They may all arrive by motorcoach, but there are many different types of group tours—and different ways to pursue them.
Trying to be all things to all customers takes too much work and effort, and doesn't often translate into increased sales. Take some time to figure out what type of group tour is best for your business, target them and take action to improve their experience.
That will lead to success.
Let's look at the common types of group tours.
1. Domestic group tours.
This is the traditional type of tour that has been popular for decades. The tour operator is based in the United States or Canada and sells tour packages. The typical guest on this bus is a retiree or someone in their 50s or 60s who is still working. Senior tours enjoy traditional sightseeing, trying local foods and having good overnight lodging. For the majority, extensive walking, extreme outdoor adventure or late night activities aren't as popular.
TIP: Do you have places for guests to sit and ample bathrooms? Try to have the spot where the bus drops off the guests as close to your entrance as possible.
2. Student tours.
This is a growing market—and operators like to consider attractions where they can have an educational component. There are tour operators that specialize in student tours. Student tours have a lot of energetic, excited customers, so it is best to have a written set of rules sent to the teachers or leaders ahead of time. Are there safety issues at your attraction? Make sure all students are aware of and follow the rules. Do you have a policy on admission prices for parents and staff that will be attending with the students? Some attractions make parents pay full price, some offer free admission and some have a discount. Be clear on your policy.
TIP: If you are interested in pursuing this market, check out SYTA and its free resources. Also check out my interview with Julie Kozikowski, who works with a lot of student groups.
3. School groups and homeschoolers.
This group is a bit different than the student tours mentioned above, mostly because they are local as opposed to traveling students. While many of the characteristics are the same—safety, behavior guidelines, adult admission policy—there are some other opportunities to consider. These students have relatives who might consider coming back for a visit. And as we all know, it can be harder to get local customers to visit than it is to get someone from the other side of the state or the globe! Consider working with school districts and home school groups to set up specific programs that match educational guidelines.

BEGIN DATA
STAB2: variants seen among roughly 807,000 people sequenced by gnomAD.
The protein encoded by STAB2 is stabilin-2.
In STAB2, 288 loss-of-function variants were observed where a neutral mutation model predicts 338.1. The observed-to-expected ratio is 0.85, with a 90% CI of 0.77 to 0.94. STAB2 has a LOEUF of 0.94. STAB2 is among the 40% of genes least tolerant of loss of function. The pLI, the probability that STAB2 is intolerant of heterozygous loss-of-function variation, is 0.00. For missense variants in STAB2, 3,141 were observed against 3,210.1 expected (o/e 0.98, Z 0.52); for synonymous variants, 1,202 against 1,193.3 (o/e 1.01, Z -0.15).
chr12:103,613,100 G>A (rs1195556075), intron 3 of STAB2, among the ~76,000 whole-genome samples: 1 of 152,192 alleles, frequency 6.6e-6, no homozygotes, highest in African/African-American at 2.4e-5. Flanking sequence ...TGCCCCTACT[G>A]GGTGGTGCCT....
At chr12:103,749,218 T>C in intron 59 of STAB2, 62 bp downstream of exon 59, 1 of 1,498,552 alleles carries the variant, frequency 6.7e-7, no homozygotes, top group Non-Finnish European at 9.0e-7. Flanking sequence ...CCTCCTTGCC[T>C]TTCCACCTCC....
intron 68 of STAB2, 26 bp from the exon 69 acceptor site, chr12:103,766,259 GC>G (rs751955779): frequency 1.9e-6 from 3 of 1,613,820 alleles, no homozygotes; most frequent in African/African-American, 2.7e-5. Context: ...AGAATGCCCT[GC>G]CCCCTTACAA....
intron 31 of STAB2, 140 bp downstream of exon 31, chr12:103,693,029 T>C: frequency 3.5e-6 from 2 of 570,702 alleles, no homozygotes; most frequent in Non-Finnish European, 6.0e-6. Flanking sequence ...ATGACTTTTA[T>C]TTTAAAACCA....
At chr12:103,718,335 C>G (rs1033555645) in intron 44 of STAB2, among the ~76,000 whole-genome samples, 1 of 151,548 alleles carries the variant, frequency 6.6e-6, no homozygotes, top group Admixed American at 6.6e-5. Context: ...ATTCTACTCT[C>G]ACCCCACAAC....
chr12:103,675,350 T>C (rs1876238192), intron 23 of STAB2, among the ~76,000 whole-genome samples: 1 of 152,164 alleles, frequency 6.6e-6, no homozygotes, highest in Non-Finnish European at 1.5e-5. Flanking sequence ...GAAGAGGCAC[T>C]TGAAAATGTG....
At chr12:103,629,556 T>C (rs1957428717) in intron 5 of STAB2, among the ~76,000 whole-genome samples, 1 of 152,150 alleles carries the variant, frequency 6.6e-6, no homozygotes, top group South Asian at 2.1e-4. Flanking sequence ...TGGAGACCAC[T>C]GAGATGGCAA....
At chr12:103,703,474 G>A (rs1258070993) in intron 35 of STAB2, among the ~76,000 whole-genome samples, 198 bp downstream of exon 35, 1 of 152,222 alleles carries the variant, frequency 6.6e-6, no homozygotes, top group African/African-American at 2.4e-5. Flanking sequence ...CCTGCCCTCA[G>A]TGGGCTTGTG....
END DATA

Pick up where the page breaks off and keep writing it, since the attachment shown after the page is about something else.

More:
TIP: Create an admission discount handout that the kids can take home—one that would incentivize another visit by the family.
4. International tours.
The U.S. is a very popular destination for travelers from all over the world. There are U.S.-based companies that specialize in working with international tour companies and selling tours in the U.S. These companies are often called receptive operators and they can concentrate on one country. More likely, they work with several countries. Some of the top countries for bus groups in the U.S. are the United Kingdom, Germany, China and India. Welcoming visitors from other countries takes strategy, money and patience.
One reason to consider these markets is that international visitors tend to spend more than domestic visitors. Different markets are looking for different activities on vacation. To be most effective with international groups, partner with your Destination Marketing Organization (DMO) and work together on targeted markets.
TIP: U.S. Travel's IPW is the biggest and best show for targeting international tour operators, but it can be expensive and overwhelming for those just starting in this market. Smaller shows, such as the RTO Summits, have educational sessions the first day and meetings with tour operators the following day.
5. MICE groups.
MICE stands for Meetings, Incentives, Conferences and Exhibitions. These are usually corporate groups who are either on a sales-type meeting or a reward trip. These tours can have fairly big budgets and they are often looking for unique activities. MICE groups have high expectations and can be demanding. If you can provide a quality experience with excellent customer service and a consistently unique product, this is a good market for your attraction.
TIP: Host some meeting planners and administrative assistants at your attraction to have them experience what you have to offer. Ask for comments and ideas for improvements. They can be your best advocates for success!
6. Church and social groups.
These affinity groups can book directly with you or go through a tour operator. Many group leaders represent these types of groups. As I mentioned in a previous post, it is best to use a tiered pricing strategy when working with these groups. Social groups can be difficult to target but typically live in your region. If you advertise, group leaders can see that and follow up with you. They tend to be senior groups and need some flexibility with cancellation or getting final numbers to you.
TIP: These groups can come in your slower season since most of them are somewhat local.
When you are deciding to increase your group tour business, it is smart to spend some time thinking about which types of tour groups you should target. They are all good business, but each has different needs and there are different ways to find new business.
Written by Sally Berry, The Attractions Coach.
This article was republished with permission and originally appeared on Sally Davis Berry.